Are you considering planning a preschool playdate for your son or daughter?  That’s great!  Peer-to-peer play helps aid children in the development of their social-emotional abilities.  They learn things like problem solving, how to communicate their ideas, and how to overcome social obstacles.

5 Tips for a Successful Preschool Playdate:Preschool Playdate

Observe closely but don’t hover– Many parents have trouble deciding how involved they should be in their children’s interactions with peers.  The answer?  It depends!  The younger your children are, the more you’ll need to participate.  Children three and four years old may not need you to participate as actively, but they still need you close by.  Observe how the children play with each other.  Who takes the lead?  How do they handle disagreements?  Does anything surprise you about their play?  Remember, children behave differently depending on whom they think is watching.  So observe closely, but don’t hover.

Set expectations- Let both children know what is expected during play.  These expectations may be different depending on where in the house they play, or if they’re spending time outside vs. inside.  Keep expectations to a minimum (2 or 3 at a time).  To ensure that the kids understand, have them repeat the expectations back to you.  Then, when an issue arises you can remind them of the expectations that have been set.

Give plenty of warning before the end of the playdate- Transitions can be tough for little ones.  Let your kids know about 20 minutes prior to the end that in 10 minutes it will be clean-up time.  If you know your child has particular difficulty transitioning from social time or his favorite activity, give him more warning.

Help the children build problem-solving skills, don’t solve the problem for them – If the children playing aren’t agreeing on which toy to play with, rather than saying, “Ok, play with this toy for X amount of minutes and then play with that toy”, say something like “So you want to play with the trucks, but you want to build with blocks.  What should we do about this?”  By putting the dilemma into words, you help them recognize that there is a conflict, and that conflicts have resolutions.  If you put the question back on them and they are unable to figure something out, or if you notice emotions rising, only then should you provide a solution.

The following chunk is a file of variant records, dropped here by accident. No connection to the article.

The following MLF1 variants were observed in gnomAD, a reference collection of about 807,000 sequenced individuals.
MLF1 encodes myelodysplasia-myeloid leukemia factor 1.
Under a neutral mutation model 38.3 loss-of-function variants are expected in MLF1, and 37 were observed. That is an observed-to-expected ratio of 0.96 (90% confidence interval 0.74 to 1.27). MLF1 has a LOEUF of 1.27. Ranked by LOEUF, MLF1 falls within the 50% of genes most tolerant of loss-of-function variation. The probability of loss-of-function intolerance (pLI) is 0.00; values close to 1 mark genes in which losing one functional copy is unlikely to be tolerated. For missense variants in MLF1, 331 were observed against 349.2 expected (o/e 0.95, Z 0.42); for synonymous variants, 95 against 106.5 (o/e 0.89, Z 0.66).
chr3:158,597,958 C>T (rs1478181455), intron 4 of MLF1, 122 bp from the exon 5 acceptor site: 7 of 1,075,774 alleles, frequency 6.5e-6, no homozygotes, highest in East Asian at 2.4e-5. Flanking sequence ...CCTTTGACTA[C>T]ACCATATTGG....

Communicate with the other child’s caregiver- If your child is going to another person’s house, let the other parent know what your child needs to be most successful when playing with others.  For example, if your child is quick to get frustrated, let the other parent know what helps your little one calm down.  Food is often involved in preschool playdates, so be sure to inform the other parent of any food restrictions or allergies.  If you’re hosting the playdate, ask the other caregiver about her child.  You may even want to invite the other parent in for coffee while the kids play.

Click here for activities to promote reading at your preschool playdates.

sensory strategies for school success

Sensory Strategies for School Success (& over the holidays) Webinar Recording

Watch Abby Rohlfing MOT, OTR/L and Marissa Edwards, OTR/L in this informative webinar on the best ways to set up your child with Sensory Processing Disorder for success at school. This webinar also explains strategies to maintain this success over the holidays with sensory activities for home.

Who: Abby Rohlfing MOT, OTR/L and Marissa Edwards, OTR/L

What: Learn strategies to empower your child with SPD to succeed in school and tips to maintain this progress at home over the holiday season.

Where: Via webinar in the comfort of your own home

Cost: FREE

Read What A Few Of Our Attendees Had To Say:

  • “Excellent explanation of sensory integration, processing. Lots of activities, strategies. Liked the format of the Red Flags/Strategies section — very clear with a lot of information.”